Monday, September 11, 2023

Moving beyond 9/11

  I’ve become increasingly ambivalent about the way we commemorate the dark days and months that began on September 11th, 2001.

  Each year the memories and all the feelings they evoke are less vivid. Thus, the news articles, commentaries, and TV specials about the 9/11 attacks serve as important reminders, not only of the immeasurable loss of life and the permanent degradation of our sense of security, but of the lessons we should have learned from the events and its aftermath.

  Of course, it’s important and appropriate that we pause to honor with reverence and gratitude the lives lost and mangled and the noble efforts of those who struggled mightily to rescue them.

  And we must never lose sight of the lesson that life is so fragile. We’re all vulnerable, not merely to terrorism, but to all sorts of sudden external forces, from car collisions to cancer. This reminder should not make us fearful or insecure; rather, it should inspire gratitude for every precious moment of life.

  We should also be reminded that 9/11 brought out the best in us — compassion, empathy, charity, and a sense of unity.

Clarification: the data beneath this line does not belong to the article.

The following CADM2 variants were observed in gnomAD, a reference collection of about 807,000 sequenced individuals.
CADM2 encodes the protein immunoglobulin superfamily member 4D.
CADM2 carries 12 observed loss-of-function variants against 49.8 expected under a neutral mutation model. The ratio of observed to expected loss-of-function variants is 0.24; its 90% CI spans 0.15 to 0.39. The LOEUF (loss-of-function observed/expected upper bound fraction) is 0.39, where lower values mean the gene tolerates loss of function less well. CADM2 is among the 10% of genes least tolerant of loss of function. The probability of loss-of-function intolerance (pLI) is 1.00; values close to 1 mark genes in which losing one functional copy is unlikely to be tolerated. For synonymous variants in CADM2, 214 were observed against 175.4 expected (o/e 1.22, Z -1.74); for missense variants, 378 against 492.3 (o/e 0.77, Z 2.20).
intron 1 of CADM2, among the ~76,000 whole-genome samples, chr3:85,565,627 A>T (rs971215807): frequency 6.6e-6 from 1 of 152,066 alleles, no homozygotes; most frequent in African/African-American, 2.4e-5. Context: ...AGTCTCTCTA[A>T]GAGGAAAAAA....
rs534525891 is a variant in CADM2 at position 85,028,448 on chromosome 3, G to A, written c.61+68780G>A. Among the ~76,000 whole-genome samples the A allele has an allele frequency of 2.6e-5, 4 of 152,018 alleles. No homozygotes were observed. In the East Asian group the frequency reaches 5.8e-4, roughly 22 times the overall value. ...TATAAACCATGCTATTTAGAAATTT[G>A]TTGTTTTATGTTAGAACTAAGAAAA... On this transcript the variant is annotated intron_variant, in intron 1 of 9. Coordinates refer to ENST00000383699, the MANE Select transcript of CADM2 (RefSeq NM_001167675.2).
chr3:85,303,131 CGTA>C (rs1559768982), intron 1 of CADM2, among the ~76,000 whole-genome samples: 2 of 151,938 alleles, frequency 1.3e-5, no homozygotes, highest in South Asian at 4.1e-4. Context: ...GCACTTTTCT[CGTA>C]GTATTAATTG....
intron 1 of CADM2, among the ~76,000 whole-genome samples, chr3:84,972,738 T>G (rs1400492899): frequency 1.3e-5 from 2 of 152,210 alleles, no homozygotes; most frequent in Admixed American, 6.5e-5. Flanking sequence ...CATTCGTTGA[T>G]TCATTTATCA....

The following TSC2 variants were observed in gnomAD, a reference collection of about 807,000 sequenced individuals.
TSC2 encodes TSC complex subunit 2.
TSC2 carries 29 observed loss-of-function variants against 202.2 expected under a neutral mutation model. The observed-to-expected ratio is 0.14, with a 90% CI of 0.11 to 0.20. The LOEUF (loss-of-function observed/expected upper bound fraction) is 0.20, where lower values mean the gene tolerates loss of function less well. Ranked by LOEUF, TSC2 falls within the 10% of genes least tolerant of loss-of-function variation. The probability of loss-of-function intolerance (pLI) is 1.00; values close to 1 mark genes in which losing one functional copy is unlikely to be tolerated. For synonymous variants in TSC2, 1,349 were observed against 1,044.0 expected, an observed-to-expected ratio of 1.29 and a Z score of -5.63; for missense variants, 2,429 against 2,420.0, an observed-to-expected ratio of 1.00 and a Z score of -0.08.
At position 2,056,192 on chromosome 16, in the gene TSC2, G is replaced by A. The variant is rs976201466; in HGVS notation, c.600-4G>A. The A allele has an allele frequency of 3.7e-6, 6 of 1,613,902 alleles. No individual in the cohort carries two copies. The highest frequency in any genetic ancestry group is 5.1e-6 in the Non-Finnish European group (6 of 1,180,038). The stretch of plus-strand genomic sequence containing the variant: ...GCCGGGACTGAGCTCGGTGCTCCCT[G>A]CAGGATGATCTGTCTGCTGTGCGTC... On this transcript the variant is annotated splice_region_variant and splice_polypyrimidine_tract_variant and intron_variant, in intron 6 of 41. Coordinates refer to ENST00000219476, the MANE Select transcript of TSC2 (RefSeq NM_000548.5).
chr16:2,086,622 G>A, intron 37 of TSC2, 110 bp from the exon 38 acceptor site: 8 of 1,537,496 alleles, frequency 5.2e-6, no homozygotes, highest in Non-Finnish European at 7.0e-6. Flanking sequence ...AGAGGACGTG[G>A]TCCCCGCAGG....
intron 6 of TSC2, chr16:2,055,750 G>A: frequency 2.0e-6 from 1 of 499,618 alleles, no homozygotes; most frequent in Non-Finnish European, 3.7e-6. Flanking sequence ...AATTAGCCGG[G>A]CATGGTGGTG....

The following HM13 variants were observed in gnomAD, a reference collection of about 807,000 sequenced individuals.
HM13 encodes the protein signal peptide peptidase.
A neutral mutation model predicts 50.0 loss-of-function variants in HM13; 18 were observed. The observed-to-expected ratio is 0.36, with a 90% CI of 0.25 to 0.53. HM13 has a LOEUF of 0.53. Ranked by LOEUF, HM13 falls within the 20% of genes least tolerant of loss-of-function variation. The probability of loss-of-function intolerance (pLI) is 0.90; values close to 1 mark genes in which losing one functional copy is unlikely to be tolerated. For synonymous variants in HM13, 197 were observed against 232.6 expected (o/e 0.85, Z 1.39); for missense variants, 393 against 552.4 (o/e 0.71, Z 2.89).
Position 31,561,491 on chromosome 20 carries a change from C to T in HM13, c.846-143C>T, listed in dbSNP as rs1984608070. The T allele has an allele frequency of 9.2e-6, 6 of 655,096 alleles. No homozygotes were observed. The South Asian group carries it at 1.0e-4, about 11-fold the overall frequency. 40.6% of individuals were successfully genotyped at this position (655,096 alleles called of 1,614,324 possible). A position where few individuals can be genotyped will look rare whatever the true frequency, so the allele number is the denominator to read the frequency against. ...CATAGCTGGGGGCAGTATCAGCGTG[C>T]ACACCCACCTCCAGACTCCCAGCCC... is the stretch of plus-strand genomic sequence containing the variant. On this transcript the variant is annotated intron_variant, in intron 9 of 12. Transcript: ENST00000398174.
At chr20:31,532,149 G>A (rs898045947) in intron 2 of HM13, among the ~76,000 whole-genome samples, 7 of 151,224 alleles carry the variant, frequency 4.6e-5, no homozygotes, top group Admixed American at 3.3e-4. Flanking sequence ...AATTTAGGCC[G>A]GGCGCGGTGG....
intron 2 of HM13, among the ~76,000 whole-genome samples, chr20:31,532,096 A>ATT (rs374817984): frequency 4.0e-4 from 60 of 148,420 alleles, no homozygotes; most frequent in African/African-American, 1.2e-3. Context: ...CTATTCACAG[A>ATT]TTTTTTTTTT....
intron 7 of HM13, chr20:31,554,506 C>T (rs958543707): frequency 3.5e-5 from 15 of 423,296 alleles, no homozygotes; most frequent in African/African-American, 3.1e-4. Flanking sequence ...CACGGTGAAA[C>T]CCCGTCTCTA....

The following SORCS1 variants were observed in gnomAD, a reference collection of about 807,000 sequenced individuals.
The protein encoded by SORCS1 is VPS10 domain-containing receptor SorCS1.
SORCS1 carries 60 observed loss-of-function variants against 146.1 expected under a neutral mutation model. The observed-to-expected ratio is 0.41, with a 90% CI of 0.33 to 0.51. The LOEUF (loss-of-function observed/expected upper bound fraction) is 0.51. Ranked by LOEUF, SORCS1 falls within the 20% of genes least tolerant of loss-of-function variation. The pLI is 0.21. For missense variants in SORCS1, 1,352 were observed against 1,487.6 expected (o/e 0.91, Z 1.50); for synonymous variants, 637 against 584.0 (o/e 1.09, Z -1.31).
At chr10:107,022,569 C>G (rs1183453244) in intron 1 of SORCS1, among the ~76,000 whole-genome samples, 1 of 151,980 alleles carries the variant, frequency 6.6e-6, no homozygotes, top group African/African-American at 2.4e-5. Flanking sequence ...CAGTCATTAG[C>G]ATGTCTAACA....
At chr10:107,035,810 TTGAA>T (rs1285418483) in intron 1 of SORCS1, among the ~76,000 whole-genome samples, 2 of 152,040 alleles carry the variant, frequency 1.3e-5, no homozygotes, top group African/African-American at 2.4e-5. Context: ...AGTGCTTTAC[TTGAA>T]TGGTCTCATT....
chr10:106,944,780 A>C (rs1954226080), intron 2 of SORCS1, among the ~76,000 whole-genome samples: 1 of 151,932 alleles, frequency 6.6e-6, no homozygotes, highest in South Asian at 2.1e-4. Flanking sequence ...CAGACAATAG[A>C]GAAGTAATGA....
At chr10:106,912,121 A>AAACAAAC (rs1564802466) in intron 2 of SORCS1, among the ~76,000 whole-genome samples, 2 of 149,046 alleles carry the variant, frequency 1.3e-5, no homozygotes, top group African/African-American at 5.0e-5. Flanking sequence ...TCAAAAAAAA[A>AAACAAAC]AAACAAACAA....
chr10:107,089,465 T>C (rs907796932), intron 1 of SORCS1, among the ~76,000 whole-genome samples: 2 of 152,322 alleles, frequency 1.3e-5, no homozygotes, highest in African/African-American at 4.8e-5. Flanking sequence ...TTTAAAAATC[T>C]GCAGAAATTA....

In another week, however, I suspect our memories and feelings about this catastrophe will, once again, become more muted and less painful. That’s how it should be.

  Life-changing tragic events dot the lives of all of us — the death of a loved one, the end of a marriage, the loss of a home or business. How we cope with these calamities often determines the quality of our lives.

  We must not be imprisoned by anxiety or grief by events like 9/11. It’s not healthy or helpful to repeatedly re-experience the pain of old wounds. Self-inflicted suffering is pointless and damaging.

  We shouldn’t forget what happened, but we are entitled to live happy lives, and that requires us to let go of the grief of terrible times and move on.

  Editor's note: This article first appeared in the Capital City Free Press on September 11, 2016.

  About the author: Michael Josephson is one of the nation’s most sought-after and quoted ethicists. Founder and president of Josephson Institute and its CHARACTER COUNTS! project, he has conducted programs for more than 100,000 leaders in government, business, education, sports, law enforcement, journalism, law, and the military. Josephson is also an award-winning radio commentator.

  This article was published by the Josephson Institute of Ethics.

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